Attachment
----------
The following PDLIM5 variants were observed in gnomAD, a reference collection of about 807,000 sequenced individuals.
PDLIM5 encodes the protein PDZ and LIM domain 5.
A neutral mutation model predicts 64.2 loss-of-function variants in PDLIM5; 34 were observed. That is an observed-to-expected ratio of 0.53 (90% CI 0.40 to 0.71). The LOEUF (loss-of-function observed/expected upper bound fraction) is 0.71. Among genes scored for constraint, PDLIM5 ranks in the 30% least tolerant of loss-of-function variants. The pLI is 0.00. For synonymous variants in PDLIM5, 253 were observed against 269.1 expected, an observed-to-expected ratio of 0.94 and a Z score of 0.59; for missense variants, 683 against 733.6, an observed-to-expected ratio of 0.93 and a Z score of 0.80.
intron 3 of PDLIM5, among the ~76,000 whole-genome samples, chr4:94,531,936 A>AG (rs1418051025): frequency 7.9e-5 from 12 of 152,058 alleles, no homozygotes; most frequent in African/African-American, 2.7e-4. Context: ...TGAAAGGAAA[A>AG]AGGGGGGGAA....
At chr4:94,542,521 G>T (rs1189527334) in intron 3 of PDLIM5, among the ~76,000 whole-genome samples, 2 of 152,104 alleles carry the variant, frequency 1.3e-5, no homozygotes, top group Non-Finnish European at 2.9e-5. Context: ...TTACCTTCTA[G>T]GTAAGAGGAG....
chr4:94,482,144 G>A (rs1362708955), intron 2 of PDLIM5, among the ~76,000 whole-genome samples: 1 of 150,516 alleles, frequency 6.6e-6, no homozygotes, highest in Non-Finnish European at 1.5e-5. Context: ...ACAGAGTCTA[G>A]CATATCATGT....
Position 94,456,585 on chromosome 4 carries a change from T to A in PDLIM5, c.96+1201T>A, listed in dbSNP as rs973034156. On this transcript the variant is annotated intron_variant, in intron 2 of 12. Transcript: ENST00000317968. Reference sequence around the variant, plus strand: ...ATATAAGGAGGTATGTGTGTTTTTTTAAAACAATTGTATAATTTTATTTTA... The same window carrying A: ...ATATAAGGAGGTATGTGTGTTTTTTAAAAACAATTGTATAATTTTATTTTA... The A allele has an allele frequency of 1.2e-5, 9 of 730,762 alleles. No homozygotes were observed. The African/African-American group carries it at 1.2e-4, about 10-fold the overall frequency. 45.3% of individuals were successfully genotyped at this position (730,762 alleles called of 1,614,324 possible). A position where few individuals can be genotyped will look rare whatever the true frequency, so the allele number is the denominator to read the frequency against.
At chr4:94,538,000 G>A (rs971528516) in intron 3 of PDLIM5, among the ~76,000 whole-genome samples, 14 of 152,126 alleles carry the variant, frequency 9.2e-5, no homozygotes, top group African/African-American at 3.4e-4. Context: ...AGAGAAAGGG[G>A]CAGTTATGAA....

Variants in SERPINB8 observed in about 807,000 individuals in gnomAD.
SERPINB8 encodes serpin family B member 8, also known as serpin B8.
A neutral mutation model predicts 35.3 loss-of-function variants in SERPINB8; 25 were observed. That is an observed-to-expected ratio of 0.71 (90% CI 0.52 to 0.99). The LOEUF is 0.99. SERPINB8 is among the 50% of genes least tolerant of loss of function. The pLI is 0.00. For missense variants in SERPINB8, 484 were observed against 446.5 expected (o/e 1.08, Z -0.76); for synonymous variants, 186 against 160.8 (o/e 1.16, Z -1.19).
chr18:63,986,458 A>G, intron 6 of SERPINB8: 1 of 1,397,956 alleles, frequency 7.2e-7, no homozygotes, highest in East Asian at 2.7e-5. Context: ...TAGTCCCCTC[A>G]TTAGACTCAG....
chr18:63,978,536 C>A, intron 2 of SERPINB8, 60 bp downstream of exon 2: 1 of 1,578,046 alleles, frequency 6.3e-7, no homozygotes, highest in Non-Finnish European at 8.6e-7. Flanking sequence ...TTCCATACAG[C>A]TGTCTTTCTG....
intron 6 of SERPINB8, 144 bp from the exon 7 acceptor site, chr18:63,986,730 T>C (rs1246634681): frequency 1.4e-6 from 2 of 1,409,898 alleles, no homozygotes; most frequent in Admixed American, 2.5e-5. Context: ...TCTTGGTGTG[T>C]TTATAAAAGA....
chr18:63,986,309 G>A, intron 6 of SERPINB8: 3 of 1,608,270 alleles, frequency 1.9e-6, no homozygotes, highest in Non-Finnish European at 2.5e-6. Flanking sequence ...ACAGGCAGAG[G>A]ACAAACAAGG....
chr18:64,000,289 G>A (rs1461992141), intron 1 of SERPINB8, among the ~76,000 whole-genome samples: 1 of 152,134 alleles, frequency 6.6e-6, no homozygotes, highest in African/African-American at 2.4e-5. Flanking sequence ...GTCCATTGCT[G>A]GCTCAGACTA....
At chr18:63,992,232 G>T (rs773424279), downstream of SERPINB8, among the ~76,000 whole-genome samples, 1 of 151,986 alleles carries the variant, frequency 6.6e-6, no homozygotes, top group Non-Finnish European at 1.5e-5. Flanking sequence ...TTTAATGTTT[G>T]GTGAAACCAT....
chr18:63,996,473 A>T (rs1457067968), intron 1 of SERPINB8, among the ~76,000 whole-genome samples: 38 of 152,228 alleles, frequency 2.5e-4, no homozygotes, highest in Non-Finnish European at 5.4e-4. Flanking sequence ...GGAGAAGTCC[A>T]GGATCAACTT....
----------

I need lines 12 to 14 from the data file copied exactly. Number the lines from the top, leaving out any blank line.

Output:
chr18:63,986,458 A>G, intron 6 of SERPINB8: 1 of 1,397,956 alleles, frequency 7.2e-7, no homozygotes, highest in East Asian at 2.7e-5. Context: ...TAGTCCCCTC[A>G]TTAGACTCAG....
chr18:63,978,536 C>A, intron 2 of SERPINB8, 60 bp downstream of exon 2: 1 of 1,578,046 alleles, frequency 6.3e-7, no homozygotes, highest in Non-Finnish European at 8.6e-7. Flanking sequence ...TTCCATACAG[C>A]TGTCTTTCTG....
intron 6 of SERPINB8, 144 bp from the exon 7 acceptor site, chr18:63,986,730 T>C (rs1246634681): frequency 1.4e-6 from 2 of 1,409,898 alleles, no homozygotes; most frequent in Admixed American, 2.5e-5. Context: ...TCTTGGTGTG[T>C]TTATAAAAGA....